7 May 2009. Drawing on a plethora of techniques to build its case—genotyping and genomic meta-analysis, structural and functional MRI, analysis of postmortem brain tissue, and electrophysiological experiments—an international team of researchers reports that KCNH2, a gene that codes for a potassium channel best known for its role in heart function, is a candidate risk gene for schizophrenia. Moreover, the group proposes that a KCNH2 isoform specific to the primate brain is associated with both schizophrenia and with a “schizophrenia-like shift” in brain anatomy and in physiological and cognitive function in subjects unaffected by the disease.
The new research, led by Daniel Weinberger at the NIMH, Bethesda, Maryland, and published in the May 3 online edition of Nature Medicine, is the latest in a series of genetic studies by the group that follow a multi-faceted, hypothesis-driven strategy to identify risk alleles (see, e.g., SRF related news story; SRF news story). In this case, the team took its lead from an earlier study that reported differential expression of many genes in the prefrontal cortex (PFC) of patients with schizophrenia (Prabakaran et al., 2004). Choosing 10 of those genes for further exploration, the authors genotyped 170 families with offspring that had been diagnosed with schizophrenia and found significant association with a region of chromosome 7q36.1 near the NOS3 (nitric oxide synthase-3) gene. The most strongly associated SNP lay in the nearby gene KCNH2. Additional genotyping in several samples and a pooled meta-analysis revealed that four SNPs in a small (~3 kb) region of the second intron of KCNH2 were strongly associated with schizophrenia.
KCNH2, also known as hERG (human ether-à-go-go related gene), is usually associated with myocardial function, where KCNH2 mutations contribute to long QT syndrome. But the gene is also highly expressed in the brain, particularly in the PFC and hippocampus (Guasti et al., 2005), where the distinctive slow activation, fast inactivation, and slow and voltage-dependent deactivation of the potassium channel coded by the gene are thought to contribute to oscillations in cortical and hippocampal networks (see, e.g., Bazhenov et al., 2004).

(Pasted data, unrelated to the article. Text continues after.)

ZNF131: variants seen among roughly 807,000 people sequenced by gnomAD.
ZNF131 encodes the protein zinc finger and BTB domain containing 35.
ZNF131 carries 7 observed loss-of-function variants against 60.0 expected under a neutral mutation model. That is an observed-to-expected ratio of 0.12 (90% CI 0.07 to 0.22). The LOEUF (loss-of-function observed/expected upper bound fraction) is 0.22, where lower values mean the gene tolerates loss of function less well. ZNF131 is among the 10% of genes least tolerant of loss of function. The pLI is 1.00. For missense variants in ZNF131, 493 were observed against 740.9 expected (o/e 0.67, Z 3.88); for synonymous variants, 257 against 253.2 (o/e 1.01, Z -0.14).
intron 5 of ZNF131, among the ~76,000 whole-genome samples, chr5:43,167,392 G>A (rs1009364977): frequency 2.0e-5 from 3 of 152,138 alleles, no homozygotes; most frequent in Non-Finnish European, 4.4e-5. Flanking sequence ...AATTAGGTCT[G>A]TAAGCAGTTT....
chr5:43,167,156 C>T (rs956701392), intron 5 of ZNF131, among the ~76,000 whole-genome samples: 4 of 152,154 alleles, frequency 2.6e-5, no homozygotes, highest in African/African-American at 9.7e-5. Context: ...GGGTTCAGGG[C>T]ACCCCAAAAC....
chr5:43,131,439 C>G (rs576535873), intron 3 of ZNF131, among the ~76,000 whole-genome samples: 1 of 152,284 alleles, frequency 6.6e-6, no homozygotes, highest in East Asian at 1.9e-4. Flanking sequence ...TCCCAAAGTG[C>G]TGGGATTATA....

Even though none of the KCNH2 SNPs identified in the new study group achieved a statistically significant genomewide association with schizophrenia, the researchers decided to look further for possible structural or functional
brain phenotypes for the putative risk allele. The Weinberger group takes the position that “genes weakly associated with schizophrenia might show relatively robust effects on prefrontal cortex and hippocampal formation function in risk allele-carrying populations,” including healthy controls. Their related view that “the use of healthy controls for genetic association at the level of brain function avoids potential confounders related to chronic illness and medical treatment” (for a discussion, see Hariri and Weinberger, 2003) led the group to conduct structural and functional MRI comparisons of healthy non-carriers, heterozygous carriers, and homozygous carriers of KCNH2 risk alleles.